“The mark of the blowhard is not simply to comment on areas outside his competence, but to do so publicly, with the weight of his reputation behind him, while not doing the appropriate background reading and refusing to seek the opinions of actual experts in the field before publishing. In doing so, the blowhard frequently makes mistakes that would be embarrassing even for those equipped with an undergraduate's knowledge of the area.”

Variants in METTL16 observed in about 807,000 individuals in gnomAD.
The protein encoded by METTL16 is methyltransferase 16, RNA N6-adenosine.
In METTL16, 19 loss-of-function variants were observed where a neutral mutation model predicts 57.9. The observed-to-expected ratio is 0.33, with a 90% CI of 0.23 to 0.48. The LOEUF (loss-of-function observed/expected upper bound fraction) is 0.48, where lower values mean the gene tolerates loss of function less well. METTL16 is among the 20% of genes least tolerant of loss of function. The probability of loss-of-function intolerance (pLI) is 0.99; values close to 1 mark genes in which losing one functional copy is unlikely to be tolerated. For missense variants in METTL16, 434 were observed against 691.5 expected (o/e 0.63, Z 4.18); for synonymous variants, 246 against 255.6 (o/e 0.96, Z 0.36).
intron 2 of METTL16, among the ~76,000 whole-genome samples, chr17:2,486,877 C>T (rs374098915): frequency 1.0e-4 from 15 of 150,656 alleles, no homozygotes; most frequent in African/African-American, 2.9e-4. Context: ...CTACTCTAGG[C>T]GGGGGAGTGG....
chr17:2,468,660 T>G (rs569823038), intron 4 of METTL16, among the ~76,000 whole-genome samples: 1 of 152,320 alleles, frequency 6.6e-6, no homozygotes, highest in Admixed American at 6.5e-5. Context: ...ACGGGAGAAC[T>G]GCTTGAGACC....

Prof. Margaret M. Mitchell (pictured) of the University of Chicagohas written a scholarly assessment of the scholarly merits of the book Zealot in the article "L'Affaire Aslan." It is very well stated, very succinct. While the description above isn't necessarily the dictionary meaning of "blowhard", Mitchell's "L'Affaire Aslan" points out problems with Zealot that educated people should have spoke up about long ago, and casts serious doubt on Reza Aslan's claim to expertise in the field of New Testament history and Second Temple Judaism. Of course, it is another question entirely whether Aslan's Zealot would have value as the work of an amateur. Having demanded that the public treat his book as the objective and critical scholarship of an expert in the subject matter, Aslan doesn't have the luxury of being judged by that lower standard. "L'Affaire Aslan" was written by a someone who can more credibly be taken as an expert in the relevant topics.